But could that ball have been thrown better? Did it need that much hangtime? Was it well-within Ellington's reach? These things are a little hard to tell, so let’s check another angle.

Ahhhh, so frustratingly close! For it being such a floater, it was potentially a little overthrown. But I wonder if Ellington would have had better luck going up in the air for that ball. If he does, he gets body control over Thomas and only has to hold on for dear life. But really, at the end of the day I think this was perhaps a play that Ellington should have turned toward the sideline, but one that was spoiled by a great play from Thomas regardless.

2nd and 10 at SF 18 (1:07 - 1st) Gabbert pass incomplete deep right to Garrett Celek

Obviously, we have a badly overthrown pass here and not a whole lot else. But that's not all Gabbert did wrong — he clearly didn’t check any of his other reads and locked right on to Celek, who does have a step on his linebacker outside. But the pass is well overthrown. This is despite Gabbert having a decently clean pocket and time to throw the ball.

He’ll want that one back, but trailing by two scores in the first, he couldn't get it back. A bad throw at a bad time and let’s just move on to the next one, shall we?

3rd and 3 at SF 27(6:09 - 2nd) Gabbert pass incomplete deep left to B.Ellington (Richard Sherman)

How about another deep miss to Ellington? Unlike that one, which was genuinely on target, this pass was ... I have no idea what this pass was. Where was it going? Was it miscommunication? Ellington looks confused out there but honestly looking at the direction he was running and where the pass ended up, it didn’t look like a miscommunication. It looks like this one seriously, seriously got away from Gabbert.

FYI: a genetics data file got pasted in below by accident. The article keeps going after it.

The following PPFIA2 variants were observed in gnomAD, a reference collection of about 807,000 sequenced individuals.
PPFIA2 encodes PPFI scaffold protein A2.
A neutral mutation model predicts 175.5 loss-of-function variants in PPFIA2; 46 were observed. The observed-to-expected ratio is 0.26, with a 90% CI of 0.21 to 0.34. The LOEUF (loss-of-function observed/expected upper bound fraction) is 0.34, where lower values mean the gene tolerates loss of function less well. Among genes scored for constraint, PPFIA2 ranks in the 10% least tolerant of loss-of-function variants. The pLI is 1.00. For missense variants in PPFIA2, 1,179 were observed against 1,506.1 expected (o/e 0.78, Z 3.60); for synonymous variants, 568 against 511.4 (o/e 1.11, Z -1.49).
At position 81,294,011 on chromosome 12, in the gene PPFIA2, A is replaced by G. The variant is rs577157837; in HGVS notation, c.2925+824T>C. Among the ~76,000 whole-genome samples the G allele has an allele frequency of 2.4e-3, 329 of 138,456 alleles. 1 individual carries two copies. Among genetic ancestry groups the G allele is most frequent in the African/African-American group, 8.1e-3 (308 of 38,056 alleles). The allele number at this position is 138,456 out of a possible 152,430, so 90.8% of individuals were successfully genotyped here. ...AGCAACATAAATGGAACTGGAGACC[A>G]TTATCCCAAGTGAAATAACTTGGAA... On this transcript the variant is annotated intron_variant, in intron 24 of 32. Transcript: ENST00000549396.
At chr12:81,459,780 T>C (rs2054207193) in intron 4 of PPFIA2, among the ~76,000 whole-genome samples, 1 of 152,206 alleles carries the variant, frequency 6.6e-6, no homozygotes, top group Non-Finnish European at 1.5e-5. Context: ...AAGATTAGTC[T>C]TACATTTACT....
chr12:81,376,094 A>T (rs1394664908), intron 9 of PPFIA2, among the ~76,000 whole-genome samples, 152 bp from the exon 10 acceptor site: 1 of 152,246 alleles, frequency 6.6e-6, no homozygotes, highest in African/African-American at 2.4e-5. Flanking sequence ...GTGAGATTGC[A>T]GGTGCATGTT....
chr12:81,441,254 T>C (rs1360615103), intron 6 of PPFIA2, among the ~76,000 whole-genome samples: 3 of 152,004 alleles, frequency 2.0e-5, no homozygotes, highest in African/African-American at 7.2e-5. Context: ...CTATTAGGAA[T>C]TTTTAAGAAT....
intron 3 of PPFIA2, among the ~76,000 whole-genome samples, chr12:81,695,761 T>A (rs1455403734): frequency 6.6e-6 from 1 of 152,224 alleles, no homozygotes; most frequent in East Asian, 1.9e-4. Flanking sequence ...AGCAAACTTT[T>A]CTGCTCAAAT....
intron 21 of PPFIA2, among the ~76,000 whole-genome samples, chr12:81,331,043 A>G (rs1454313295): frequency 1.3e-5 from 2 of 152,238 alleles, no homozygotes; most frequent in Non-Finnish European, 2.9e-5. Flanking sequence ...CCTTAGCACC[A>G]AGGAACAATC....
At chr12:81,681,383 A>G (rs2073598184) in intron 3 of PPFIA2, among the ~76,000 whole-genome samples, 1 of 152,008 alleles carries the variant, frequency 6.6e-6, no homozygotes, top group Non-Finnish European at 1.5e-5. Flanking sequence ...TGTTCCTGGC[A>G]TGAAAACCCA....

Ellington is trailing up and to the left the whole time and this is happening well before Gabbert throws the pass. But for some reason Gabbert floats it to the right and far, far deeper than Ellington could have reached. It looks worse than it is because Ellington stops early because he can tell the pass is long gone.

But this one was almost intercepted! Bad, bad Gabbert. Stop that!

1st and 10 at SEA 19(0:09 - 2nd) Vance McDonald Pass From Blaine Gabbert for 19 Yrd TOUCHDOWN

And then we have this! In a first down attempt in the red zone, the 49ers actually go for it. They have two players on a deep slant, two on shallow curl routes and even have a running back in the flat. It’s simple, effective play design that ends with tight end Vance McDonald having body positioning over the players covering him and it’s an easy touchdown.

But the timing is what’s important here. Gabbert quickly analyzes the play and he knows when McDonald will turn and that the touchdown is going to be good.

Gabbert throws his pass as soon as he sees the underneath man move to cover Ellington on the shallow curl. Gabbert throws the pass well before McDonald makes his move, but it’s totally on target and the right kind of throw in that situation, to boot. Nothing fantastic or amazing, but it shows the man does know how to play the position, occasionally.

Let’s end on that good note, shall we? Let’s.